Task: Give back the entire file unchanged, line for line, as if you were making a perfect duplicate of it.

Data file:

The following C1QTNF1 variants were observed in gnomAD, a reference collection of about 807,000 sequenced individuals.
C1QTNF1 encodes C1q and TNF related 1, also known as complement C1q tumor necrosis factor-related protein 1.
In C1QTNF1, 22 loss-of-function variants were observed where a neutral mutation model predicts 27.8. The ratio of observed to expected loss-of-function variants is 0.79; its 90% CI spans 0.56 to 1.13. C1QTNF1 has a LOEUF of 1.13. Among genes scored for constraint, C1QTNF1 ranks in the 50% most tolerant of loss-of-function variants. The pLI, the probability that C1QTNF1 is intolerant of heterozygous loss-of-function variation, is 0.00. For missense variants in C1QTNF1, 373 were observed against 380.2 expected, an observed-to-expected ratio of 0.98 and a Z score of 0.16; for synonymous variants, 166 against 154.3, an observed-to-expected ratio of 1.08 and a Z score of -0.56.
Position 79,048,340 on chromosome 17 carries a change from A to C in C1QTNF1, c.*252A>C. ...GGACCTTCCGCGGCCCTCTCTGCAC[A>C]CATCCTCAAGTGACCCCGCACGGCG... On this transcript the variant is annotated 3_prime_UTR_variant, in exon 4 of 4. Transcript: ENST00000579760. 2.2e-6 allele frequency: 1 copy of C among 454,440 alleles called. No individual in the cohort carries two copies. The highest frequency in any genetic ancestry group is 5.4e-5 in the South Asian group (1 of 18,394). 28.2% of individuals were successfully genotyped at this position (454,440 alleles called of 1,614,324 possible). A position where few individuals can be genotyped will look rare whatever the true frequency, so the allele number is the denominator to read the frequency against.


The following C1QTNF1 variants were observed in gnomAD, a reference collection of about 807,000 sequenced individuals.
C1QTNF1 encodes C1q and TNF related 1, also known as complement C1q tumor necrosis factor-related protein 1.
In C1QTNF1, 22 loss-of-function variants were observed where a neutral mutation model predicts 27.8. The ratio of observed to expected loss-of-function variants is 0.79; its 90% CI spans 0.56 to 1.13. C1QTNF1 has a LOEUF of 1.13. Among genes scored for constraint, C1QTNF1 ranks in the 50% most tolerant of loss-of-function variants. The pLI, the probability that C1QTNF1 is intolerant of heterozygous loss-of-function variation, is 0.00. For missense variants in C1QTNF1, 373 were observed against 380.2 expected, an observed-to-expected ratio of 0.98 and a Z score of 0.16; for synonymous variants, 166 against 154.3, an observed-to-expected ratio of 1.08 and a Z score of -0.56.
Position 79,048,340 on chromosome 17 carries a change from A to C in C1QTNF1, c.*252A>C. ...GGACCTTCCGCGGCCCTCTCTGCAC[A>C]CATCCTCAAGTGACCCCGCACGGCG... On this transcript the variant is annotated 3_prime_UTR_variant, in exon 4 of 4. Transcript: ENST00000579760. 2.2e-6 allele frequency: 1 copy of C among 454,440 alleles called. No individual in the cohort carries two copies. The highest frequency in any genetic ancestry group is 5.4e-5 in the South Asian group (1 of 18,394). 28.2% of individuals were successfully genotyped at this position (454,440 alleles called of 1,614,324 possible). A position where few individuals can be genotyped will look rare whatever the true frequency, so the allele number is the denominator to read the frequency against.